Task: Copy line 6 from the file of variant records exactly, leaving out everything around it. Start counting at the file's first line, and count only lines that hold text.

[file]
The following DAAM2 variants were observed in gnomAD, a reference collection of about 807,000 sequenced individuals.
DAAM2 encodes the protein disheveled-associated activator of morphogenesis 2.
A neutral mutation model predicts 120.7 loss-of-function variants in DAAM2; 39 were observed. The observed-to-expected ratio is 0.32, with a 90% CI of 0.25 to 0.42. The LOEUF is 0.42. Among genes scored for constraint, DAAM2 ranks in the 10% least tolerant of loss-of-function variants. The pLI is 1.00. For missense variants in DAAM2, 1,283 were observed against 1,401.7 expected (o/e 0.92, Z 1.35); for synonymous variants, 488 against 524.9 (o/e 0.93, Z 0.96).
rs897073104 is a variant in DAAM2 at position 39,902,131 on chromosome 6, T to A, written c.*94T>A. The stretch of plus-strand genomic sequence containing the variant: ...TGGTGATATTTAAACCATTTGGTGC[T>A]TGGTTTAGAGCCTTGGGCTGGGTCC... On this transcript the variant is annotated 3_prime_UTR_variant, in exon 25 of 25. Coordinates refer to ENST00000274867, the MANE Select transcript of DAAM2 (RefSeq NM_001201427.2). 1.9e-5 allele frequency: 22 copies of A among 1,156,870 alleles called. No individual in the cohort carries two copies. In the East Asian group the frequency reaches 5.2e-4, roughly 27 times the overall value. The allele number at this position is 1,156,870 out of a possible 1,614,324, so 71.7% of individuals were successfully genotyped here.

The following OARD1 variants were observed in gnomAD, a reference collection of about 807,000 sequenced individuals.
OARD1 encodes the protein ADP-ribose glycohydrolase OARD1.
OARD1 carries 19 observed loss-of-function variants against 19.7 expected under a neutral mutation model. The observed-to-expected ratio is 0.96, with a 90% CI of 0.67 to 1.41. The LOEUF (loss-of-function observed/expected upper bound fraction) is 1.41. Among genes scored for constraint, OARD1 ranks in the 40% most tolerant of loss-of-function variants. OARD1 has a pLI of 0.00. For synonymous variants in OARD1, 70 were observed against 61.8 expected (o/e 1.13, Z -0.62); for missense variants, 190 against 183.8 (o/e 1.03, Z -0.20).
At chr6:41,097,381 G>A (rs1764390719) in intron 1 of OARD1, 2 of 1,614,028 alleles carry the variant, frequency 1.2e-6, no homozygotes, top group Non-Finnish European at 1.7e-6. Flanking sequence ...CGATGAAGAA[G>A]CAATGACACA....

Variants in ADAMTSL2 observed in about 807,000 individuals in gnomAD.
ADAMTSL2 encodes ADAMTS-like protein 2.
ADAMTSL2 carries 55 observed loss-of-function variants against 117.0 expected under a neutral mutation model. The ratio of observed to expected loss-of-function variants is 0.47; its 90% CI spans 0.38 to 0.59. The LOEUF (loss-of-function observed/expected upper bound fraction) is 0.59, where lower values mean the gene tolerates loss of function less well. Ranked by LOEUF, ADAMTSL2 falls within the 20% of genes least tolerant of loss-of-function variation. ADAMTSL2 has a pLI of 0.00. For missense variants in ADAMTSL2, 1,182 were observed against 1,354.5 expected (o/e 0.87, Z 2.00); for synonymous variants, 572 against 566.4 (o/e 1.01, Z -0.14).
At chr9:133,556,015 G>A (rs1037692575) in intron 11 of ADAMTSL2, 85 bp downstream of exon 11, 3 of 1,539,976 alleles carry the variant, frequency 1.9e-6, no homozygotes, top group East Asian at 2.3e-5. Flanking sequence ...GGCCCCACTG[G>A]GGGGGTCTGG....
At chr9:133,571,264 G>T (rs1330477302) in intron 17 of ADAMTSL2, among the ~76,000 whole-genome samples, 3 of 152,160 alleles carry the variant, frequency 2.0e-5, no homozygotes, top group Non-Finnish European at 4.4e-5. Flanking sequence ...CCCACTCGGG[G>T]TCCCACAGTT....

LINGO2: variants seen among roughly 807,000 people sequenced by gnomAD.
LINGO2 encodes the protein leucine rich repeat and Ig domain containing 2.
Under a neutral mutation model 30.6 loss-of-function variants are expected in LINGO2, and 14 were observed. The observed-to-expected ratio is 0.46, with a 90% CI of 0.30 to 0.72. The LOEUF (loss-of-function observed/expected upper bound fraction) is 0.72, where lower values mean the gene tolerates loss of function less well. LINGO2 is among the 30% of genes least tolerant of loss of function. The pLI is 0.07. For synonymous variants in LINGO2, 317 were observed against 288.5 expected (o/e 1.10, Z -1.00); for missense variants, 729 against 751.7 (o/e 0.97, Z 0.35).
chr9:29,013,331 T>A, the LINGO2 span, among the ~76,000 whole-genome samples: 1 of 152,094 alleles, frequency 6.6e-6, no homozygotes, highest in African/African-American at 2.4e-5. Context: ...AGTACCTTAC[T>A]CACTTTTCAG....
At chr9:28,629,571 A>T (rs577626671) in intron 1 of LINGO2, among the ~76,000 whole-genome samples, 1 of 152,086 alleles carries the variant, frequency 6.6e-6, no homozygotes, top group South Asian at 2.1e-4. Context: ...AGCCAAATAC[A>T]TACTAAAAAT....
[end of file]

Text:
OARD1 encodes the protein ADP-ribose glycohydrolase OARD1.